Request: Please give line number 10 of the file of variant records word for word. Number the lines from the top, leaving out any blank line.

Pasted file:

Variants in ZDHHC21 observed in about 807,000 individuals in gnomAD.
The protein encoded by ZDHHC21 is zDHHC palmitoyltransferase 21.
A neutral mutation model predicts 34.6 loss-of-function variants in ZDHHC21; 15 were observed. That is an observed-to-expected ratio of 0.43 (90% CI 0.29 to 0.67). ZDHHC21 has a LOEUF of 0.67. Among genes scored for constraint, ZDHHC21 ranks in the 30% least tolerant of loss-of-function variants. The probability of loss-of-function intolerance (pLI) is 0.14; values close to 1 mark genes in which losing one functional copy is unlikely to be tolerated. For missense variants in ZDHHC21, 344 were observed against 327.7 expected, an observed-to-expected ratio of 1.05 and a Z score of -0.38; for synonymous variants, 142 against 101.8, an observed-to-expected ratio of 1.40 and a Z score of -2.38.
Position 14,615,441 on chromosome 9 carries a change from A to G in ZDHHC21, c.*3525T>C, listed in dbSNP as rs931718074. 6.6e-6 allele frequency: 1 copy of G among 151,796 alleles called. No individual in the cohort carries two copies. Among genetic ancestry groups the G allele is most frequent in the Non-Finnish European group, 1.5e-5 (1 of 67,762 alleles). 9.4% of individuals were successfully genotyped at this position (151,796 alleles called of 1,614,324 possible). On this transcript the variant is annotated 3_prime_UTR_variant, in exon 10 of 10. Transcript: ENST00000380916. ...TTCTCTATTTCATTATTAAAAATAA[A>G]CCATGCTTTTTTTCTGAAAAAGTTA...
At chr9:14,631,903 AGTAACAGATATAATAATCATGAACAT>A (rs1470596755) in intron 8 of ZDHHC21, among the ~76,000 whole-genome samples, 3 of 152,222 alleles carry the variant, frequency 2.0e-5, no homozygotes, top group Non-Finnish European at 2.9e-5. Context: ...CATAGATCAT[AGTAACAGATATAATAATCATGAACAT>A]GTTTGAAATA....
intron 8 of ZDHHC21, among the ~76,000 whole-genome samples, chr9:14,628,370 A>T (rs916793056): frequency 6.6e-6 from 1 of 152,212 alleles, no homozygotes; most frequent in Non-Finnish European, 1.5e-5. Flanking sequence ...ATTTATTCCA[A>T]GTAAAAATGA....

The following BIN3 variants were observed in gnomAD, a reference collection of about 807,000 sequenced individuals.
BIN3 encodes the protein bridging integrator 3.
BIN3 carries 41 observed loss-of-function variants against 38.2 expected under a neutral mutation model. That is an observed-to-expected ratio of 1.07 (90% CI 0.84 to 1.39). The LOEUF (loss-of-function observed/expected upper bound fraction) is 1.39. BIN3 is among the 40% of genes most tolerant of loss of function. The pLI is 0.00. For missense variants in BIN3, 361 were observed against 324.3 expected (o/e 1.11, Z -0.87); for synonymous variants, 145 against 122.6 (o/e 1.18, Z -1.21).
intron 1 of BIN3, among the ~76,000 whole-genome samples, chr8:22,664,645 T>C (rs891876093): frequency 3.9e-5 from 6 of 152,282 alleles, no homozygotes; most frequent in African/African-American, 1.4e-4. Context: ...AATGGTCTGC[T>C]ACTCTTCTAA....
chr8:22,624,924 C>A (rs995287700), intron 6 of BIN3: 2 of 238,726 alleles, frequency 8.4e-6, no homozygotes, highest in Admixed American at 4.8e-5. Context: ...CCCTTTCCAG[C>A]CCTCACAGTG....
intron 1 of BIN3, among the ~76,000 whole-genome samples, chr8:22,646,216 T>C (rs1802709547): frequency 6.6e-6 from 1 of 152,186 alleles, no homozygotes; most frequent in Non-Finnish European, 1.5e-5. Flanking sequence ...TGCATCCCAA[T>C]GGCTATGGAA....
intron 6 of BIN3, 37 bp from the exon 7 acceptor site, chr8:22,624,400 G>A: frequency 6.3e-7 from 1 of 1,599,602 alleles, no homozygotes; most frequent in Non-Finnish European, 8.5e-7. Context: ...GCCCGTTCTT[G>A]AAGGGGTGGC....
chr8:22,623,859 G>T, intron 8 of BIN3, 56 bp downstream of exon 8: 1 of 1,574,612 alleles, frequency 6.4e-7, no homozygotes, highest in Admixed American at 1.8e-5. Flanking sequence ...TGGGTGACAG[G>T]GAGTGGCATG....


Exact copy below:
intron 1 of BIN3, among the ~76,000 whole-genome samples, chr8:22,664,645 T>C (rs891876093): frequency 3.9e-5 from 6 of 152,282 alleles, no homozygotes; most frequent in African/African-American, 1.4e-4. Context: ...AATGGTCTGC[T>C]ACTCTTCTAA....